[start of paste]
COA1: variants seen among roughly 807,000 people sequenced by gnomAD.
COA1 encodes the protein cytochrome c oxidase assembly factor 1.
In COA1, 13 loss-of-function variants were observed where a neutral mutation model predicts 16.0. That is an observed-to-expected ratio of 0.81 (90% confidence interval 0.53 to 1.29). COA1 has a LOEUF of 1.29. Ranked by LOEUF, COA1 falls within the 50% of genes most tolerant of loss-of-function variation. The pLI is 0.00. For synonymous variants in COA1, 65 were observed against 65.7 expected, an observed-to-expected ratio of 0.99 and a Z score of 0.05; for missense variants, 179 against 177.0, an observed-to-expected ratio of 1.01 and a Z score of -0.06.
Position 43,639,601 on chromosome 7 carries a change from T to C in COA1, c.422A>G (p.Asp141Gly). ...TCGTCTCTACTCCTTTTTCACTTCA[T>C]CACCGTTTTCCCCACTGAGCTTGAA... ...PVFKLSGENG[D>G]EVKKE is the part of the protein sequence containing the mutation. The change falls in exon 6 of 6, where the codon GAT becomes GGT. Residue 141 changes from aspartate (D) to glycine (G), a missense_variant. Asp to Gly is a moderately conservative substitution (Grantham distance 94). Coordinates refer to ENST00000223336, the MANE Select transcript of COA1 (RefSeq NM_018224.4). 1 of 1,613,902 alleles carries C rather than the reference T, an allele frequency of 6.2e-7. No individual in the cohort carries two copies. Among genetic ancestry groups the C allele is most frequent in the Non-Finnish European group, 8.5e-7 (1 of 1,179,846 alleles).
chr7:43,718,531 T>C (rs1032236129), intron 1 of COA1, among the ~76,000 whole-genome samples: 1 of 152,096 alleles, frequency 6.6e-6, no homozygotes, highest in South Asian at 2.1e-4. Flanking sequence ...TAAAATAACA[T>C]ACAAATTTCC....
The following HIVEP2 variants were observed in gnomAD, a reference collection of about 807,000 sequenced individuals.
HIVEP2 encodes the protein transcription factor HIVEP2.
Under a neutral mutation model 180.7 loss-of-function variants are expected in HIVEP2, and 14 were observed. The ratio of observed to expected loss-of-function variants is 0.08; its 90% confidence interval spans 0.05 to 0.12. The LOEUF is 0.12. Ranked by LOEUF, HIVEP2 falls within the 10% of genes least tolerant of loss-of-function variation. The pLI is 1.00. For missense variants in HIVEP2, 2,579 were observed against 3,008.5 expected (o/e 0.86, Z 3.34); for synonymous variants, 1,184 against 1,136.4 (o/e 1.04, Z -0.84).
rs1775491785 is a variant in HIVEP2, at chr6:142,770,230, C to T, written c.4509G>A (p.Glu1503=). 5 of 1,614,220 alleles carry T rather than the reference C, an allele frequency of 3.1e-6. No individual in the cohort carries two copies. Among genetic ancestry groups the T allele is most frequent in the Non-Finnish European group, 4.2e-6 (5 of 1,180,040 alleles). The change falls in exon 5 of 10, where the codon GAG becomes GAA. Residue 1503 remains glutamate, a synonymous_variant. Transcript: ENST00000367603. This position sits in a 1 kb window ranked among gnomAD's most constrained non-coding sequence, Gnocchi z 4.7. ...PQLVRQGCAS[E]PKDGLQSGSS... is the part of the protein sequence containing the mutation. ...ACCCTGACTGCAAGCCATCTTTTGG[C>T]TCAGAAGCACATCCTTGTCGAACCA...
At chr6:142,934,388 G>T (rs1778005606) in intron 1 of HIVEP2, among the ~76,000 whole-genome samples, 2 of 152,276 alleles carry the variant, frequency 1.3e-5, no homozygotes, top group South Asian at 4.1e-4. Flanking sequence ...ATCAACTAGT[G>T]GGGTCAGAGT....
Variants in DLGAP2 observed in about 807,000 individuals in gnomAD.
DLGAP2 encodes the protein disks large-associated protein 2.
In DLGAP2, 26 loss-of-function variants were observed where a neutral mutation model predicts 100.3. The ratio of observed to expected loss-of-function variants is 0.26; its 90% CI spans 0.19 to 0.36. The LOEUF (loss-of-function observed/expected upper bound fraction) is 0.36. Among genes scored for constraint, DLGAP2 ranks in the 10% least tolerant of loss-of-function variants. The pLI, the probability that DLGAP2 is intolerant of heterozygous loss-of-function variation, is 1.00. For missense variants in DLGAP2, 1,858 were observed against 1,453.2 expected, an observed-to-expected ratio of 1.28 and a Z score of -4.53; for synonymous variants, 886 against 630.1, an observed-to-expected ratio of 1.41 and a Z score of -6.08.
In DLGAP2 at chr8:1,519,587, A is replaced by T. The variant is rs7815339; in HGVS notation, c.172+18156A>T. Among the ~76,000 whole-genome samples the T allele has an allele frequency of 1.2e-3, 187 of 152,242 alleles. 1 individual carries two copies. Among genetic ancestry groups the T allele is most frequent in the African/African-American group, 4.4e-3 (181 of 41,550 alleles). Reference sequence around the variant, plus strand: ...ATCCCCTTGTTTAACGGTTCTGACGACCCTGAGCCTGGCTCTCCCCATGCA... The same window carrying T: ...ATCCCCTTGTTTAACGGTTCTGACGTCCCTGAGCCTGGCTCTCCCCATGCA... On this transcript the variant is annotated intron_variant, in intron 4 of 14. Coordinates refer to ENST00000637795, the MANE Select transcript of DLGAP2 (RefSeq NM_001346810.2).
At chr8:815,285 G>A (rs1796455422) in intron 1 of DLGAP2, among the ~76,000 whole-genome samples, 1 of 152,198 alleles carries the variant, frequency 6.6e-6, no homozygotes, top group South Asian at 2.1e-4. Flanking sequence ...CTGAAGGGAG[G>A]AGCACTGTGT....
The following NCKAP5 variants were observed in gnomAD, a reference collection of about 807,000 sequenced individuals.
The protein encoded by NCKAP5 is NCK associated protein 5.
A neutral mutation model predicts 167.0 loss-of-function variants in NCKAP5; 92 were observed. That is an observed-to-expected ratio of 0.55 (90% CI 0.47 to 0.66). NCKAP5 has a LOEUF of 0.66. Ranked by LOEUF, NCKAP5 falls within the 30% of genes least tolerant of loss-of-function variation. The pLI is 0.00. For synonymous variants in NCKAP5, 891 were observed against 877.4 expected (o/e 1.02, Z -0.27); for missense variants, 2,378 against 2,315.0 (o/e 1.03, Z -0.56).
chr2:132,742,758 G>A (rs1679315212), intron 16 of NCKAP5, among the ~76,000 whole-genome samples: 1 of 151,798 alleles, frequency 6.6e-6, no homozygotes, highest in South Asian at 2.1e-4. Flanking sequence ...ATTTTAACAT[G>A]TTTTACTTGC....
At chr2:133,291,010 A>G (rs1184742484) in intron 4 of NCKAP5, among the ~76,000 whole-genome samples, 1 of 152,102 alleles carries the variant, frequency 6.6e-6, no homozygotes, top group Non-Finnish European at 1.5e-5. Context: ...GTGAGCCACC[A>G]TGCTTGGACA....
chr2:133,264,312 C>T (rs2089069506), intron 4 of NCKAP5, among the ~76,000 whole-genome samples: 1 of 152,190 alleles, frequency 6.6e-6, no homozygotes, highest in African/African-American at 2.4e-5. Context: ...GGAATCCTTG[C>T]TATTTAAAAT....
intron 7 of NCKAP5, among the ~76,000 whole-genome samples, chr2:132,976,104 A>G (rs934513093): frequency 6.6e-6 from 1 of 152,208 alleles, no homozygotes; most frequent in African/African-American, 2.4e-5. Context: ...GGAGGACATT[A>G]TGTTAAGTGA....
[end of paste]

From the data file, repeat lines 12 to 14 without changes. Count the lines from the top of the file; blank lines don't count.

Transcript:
DLGAP2 encodes the protein disks large-associated protein 2.
In DLGAP2, 26 loss-of-function variants were observed where a neutral mutation model predicts 100.3. The ratio of observed to expected loss-of-function variants is 0.26; its 90% CI spans 0.19 to 0.36. The LOEUF (loss-of-function observed/expected upper bound fraction) is 0.36. Among genes scored for constraint, DLGAP2 ranks in the 10% least tolerant of loss-of-function variants. The pLI, the probability that DLGAP2 is intolerant of heterozygous loss-of-function variation, is 1.00. For missense variants in DLGAP2, 1,858 were observed against 1,453.2 expected, an observed-to-expected ratio of 1.28 and a Z score of -4.53; for synonymous variants, 886 against 630.1, an observed-to-expected ratio of 1.41 and a Z score of -6.08.
In DLGAP2 at chr8:1,519,587, A is replaced by T. The variant is rs7815339; in HGVS notation, c.172+18156A>T. Among the ~76,000 whole-genome samples the T allele has an allele frequency of 1.2e-3, 187 of 152,242 alleles. 1 individual carries two copies. Among genetic ancestry groups the T allele is most frequent in the African/African-American group, 4.4e-3 (181 of 41,550 alleles). Reference sequence around the variant, plus strand: ...ATCCCCTTGTTTAACGGTTCTGACGACCCTGAGCCTGGCTCTCCCCATGCA... The same window carrying T: ...ATCCCCTTGTTTAACGGTTCTGACGTCCCTGAGCCTGGCTCTCCCCATGCA... On this transcript the variant is annotated intron_variant, in intron 4 of 14. Coordinates refer to ENST00000637795, the MANE Select transcript of DLGAP2 (RefSeq NM_001346810.2).